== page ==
The Tin Ticket

The Tin Ticket[i] was one of my purchases from Gould Genealogy at the Qld Expo recently. I selected it because while I have no convicts in my own tree I thought it would be an interesting read.

In essence the book aims to illustrate the life experiences of three female convicts who were sentenced to transportation to Van Dieman’s Land (Tasmania) for seven to ten years in the 1830s. Two were Scottish teenagers who’d been living on the streets for some time, Agnes McMillan and Janet Houston. The other was Ludlow Tedder, a literate housekeeper who’d been sentenced for pawning her employer’s silverware. Ludlow’s young daughter Arabella was also sent out with her.

All three were confined to the Cascades Female Factory for part of their sentence and were there for some overlapping periods.

Pros

I found the book interesting for what I learned about the horrors of Newgate Prison in London and the conditions at the Cascades. It is appalling to think how little clothing and food these women were given, the shockingly unsanitary conditions under which they lived, and the double standards of the time. The story of Elizabeth Fry’s work to improve their conditions at Newgate was also interesting. I’d liked to have had more information on life as a female convict towards the end of transportation era to see what conditions had changed: the nod to Irish convict Bridget Mulligan was to my mind cursory and subject to stereotyping.

From our family’s perspective, the references to Oatlands in central Tasmania were also informative as Mr Cassmob’s Irish convict, Denis Collins, was there for part of his sentence.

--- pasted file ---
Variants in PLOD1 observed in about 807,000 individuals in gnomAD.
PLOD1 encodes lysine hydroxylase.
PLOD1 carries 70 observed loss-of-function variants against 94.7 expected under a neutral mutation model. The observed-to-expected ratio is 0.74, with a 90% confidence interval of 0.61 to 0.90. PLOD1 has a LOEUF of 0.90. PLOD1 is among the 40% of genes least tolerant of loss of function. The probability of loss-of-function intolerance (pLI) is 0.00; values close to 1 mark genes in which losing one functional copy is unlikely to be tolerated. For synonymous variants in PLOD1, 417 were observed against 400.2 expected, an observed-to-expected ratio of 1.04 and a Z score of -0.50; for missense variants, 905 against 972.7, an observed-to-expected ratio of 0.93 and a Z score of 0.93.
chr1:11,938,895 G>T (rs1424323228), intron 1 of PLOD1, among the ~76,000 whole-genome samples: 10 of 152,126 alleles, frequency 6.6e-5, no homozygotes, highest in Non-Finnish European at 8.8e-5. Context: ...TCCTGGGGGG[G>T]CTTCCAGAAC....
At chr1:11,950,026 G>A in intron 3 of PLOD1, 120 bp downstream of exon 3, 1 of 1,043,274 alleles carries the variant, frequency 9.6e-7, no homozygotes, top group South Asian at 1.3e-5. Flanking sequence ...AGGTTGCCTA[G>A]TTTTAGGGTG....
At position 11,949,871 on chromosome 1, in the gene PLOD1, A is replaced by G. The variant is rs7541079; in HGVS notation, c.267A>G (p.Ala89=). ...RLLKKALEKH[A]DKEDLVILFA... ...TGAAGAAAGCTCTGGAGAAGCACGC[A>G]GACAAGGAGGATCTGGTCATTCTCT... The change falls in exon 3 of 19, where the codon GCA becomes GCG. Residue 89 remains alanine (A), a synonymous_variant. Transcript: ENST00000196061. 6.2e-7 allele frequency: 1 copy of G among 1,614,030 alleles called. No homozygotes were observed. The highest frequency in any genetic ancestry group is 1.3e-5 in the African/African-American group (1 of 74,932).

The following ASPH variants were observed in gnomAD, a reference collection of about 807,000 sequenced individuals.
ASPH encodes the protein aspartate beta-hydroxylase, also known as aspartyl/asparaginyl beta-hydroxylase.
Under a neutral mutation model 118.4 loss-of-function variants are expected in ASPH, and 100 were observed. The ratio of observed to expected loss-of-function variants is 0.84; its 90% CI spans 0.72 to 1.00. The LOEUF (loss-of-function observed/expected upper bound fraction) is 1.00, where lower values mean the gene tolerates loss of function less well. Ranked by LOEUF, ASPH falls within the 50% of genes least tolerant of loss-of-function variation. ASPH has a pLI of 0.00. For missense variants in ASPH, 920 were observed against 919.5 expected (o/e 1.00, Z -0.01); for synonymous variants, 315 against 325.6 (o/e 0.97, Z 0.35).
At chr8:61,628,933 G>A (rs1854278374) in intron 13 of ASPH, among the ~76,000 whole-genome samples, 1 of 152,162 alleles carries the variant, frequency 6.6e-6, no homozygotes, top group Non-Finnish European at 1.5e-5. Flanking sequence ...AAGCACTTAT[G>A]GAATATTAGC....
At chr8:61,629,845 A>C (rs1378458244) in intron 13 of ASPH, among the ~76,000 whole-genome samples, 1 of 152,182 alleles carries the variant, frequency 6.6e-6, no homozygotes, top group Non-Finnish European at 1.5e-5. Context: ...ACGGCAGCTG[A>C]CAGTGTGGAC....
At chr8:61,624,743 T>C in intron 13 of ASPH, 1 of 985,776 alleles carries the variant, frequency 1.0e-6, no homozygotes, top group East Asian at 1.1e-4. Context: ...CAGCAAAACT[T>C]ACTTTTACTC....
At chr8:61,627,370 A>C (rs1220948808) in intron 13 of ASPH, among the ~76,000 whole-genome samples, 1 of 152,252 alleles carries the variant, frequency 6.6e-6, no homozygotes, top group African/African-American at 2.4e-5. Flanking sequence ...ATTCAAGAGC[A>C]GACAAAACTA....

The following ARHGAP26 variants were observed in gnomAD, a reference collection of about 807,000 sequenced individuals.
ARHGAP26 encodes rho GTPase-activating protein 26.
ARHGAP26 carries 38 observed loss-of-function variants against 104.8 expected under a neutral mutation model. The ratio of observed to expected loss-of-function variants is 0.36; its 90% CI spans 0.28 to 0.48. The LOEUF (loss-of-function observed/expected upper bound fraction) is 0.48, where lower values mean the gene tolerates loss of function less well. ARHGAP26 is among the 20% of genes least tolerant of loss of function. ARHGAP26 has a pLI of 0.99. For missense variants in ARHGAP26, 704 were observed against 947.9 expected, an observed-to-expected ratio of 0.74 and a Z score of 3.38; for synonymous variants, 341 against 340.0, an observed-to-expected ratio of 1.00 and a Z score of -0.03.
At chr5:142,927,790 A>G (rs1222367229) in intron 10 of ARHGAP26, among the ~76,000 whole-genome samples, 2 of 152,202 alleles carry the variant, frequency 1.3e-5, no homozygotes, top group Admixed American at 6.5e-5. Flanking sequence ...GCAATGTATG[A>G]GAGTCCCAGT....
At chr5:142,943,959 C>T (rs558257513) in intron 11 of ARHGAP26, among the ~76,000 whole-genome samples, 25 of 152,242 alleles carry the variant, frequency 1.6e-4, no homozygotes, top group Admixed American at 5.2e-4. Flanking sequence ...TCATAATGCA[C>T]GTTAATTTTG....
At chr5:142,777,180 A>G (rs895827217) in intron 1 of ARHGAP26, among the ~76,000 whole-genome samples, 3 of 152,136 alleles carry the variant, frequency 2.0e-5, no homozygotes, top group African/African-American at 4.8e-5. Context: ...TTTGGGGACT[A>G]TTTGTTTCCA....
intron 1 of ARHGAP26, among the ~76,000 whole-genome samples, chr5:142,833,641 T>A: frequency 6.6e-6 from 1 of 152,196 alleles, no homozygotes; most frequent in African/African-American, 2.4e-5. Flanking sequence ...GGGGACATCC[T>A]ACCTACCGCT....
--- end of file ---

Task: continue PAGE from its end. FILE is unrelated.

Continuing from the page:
Cons

As a reader I found this book difficult and “stumbling” to read. The writing style was excessively florid with superfluous adjectives at every turn, and some phrases repeated ad infinitum, in a way which worked against the story as a whole.  I didn’t need to be told more than once or twice that Agnes was a “grey-eyed girl” or that she came from Glasgow, nor did I need the words “convict maids” to be always conjoined. The hyperbole made me sceptical about the accuracy of the content and would have benefited from a severe editing. I also found it irritating to read Americanisms in a book written about Australia and the UK. It does highlight how important it is to have a local reader do at least one edit.

These convict women were strong and resilient, whatever their faults and convictions, and I’d have liked to have known even more detail about their lives after gaining their Tickets of Leave as this is when they contributed to the development of Australia. No doubt this was partly due to the lack of documentary evidence for this period of their lives, in marked contrast to the detail from their convict period.

Summary: Worth the read to learn about life as a female convict in the early-mid 19th century, and of special interest to anyone with ancestors who may have been at Newgate or the Cascades Female Factory in Hobart.  A more balanced, edited writing style would have been more convincing rather than leaving me wondering about the validity of some of the statements.

You may also be interested in an article by the author in from The Huffington Post this week about Cascades and its female convicts.